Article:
My personal testimony has suffered a great deal in recent years. To put it simply, it just hasn't been easy to believe. I don't think there was any one thing that triggered the doubts, but they slowly built up over time, in spite of my best efforts to stop them. I have many friends who have had their faith shaken over a Church policy or practice, but my questioning went right to the very core of my belief: Is there a God? And many times, the answers seemed unsatisfactory at best and unbelievable at worst. I prayed often, but most of the time, it felt like no one was on the other side. It feels scary to admit that, to type out the words in black and white, but that's what it felt like to me.


I always thought my belief in God needed to come first, and then all of the other beliefs would fall into place. But reading The Book of Mormon this time changed that for me. As I read, the thought that came most often and totally unbidden to my mind was, Joseph Smith did not write this book. I would just be reading along, absorbed in a story or sermon, and suddenly, without warning, Joseph Smith did not write this book. It happened over and over again. It happened so often, I couldn't estimate the number of times if I tried.

The reality of whether or not Joseph Smith really found the gold plates and translated the sacred record that became The Book of Mormon or whether it was something he created out of his own head was not something I had ever really thought (or prayed) much about. In other words, it wasn't really a big issue for me. So I didn't go into this reading of The Book of Mormon with that question in my head. And yet, there was the answer, almost every day: Joseph Smith did not write this book.

And I realized something. I didn't need that answer to know if The Book of Mormon was really from God. I needed it to know if God Himself was real. And once my testimony of The Book of Mormon was firmly in place, it felt easy, even natural, to extend that belief to Heavenly Father and Jesus Christ. I had never thought the pathway to belief could go in that order, but apparently it can.

You know what it feels like when you finish a really good book and want to immediately reread it, but you know that you can never read it for the first time ever again? That's how I felt as I neared the end of The Book of Mormon. I felt sad. I didn't want it to end. It had been one of the most marvelous, miraculous experiences I had ever had, and I worried I would never get to experience it in quite that way again. Even though this was not my first time through The Book of Mormon, I had never read it at this pace, and that changed it for me. I saw it all with new eyes. Even if I read it again in less than three months, the experience would no longer be new and thrilling. I'm sad that I probably can't duplicate this experience over and over again.

The prophet Moroni offers a challenge at the end of The Book of Mormon: "And when ye shall receive these things, I would exhort you that ye would ask God, the Eternal Father, in the name of Christ, if these things are not true" (Moroni 10:4).  Missionaries often read this verse to investigators and invite them to ask God for themselves if The Book of Mormon is true. I rather thought that when I read that verse, maybe I would feel a strong answer from the Spirit.

But as I came to it, I realized that I'd already received my answer many pages before when I was in Alma 32. In verse 28, the prophet Alma instructs the people to plant the seed of belief in their hearts and says that they will know if it is a good seed because "it beginneth to enlarge my soul; yea, it beginneth to enlighten my understanding, yea, it beginneth to be delicious unto me."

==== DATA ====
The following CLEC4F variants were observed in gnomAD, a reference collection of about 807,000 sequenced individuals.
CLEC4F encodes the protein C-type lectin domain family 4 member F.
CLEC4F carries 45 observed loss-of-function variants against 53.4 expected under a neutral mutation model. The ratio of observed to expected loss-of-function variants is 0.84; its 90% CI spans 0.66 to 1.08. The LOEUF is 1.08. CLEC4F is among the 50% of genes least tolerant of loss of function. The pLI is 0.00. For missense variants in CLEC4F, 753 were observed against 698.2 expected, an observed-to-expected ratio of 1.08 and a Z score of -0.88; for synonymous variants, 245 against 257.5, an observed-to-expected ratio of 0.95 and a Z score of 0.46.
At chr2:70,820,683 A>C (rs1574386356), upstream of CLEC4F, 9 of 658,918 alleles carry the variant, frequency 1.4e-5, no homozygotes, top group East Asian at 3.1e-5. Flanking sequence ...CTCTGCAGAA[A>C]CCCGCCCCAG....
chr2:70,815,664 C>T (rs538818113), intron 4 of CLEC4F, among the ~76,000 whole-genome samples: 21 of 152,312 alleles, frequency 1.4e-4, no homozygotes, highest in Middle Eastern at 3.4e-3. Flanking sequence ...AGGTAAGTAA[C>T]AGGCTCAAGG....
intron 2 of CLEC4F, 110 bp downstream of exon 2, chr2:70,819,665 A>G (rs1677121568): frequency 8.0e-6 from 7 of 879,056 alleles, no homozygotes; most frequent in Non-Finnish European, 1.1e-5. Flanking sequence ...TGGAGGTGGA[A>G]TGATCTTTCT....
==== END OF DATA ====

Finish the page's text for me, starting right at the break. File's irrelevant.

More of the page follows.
No scripture could more perfectly describe what The Book of Mormon has done for me over the last three months. It has enlarged my soul, enlightened my understanding, and become so incredibly delicious to me.


P.S. If you read this post and have questions or would like to know more, I would love to talk to you about my beliefs. Nothing would make me happier.

5 comments:

  1. It is interesting that I had two of the same experiences, even though I was listening to the audio recording and not reading. The first was that the endings of so many familiar lines of scripture would just flood forward in my mind before I heard the end. And the second was that so unexpectedly, over and over again, was that Joseph Smith did not write this book. As with you, each time that thought entered my mind, it came unexpectedly, unasked for, as revelatory truth, more feeling than words. What an unexpected blessing those feelings and thoughts were to me throughout my listening. Each time it washed over me as a warm comforting feeling. I loved that feeling. I know I used "unexpected" too many times in this recounting, but I am not sure how else to describe it. Startling, unanticipated, out-of-the-blue. I am not sure what the right term is, but I think you know the feeling I am trying to describe. And perhaps that was the greatest blessing coming to me from this reading assignment. I now know again that God knows me personally and that he knew I could use this extra boost to my testimony that I didn't even know I needed. I am glad to have a shared experience with you. I am glad you have so eloquently written about it and shared it here. Papa

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  2. Amy, thank you for this beautiful testimony of your experience. It touched my heart.

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  3. This was beautiful Amy, thank you so much for sharing. I appreciate so much your vulnerability in talking about doubts (we all experience it, but yes, so scary to talk about). I just finished myself and I'm writing up my own thoughts and experiences right now, but came back to read your reflections again because we had some similar experiences. Thanks for sharing this!

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  4. What a beautiful experience and testament!

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  5. Yes, thank you for sharing your doubts and insights. Beautifully said.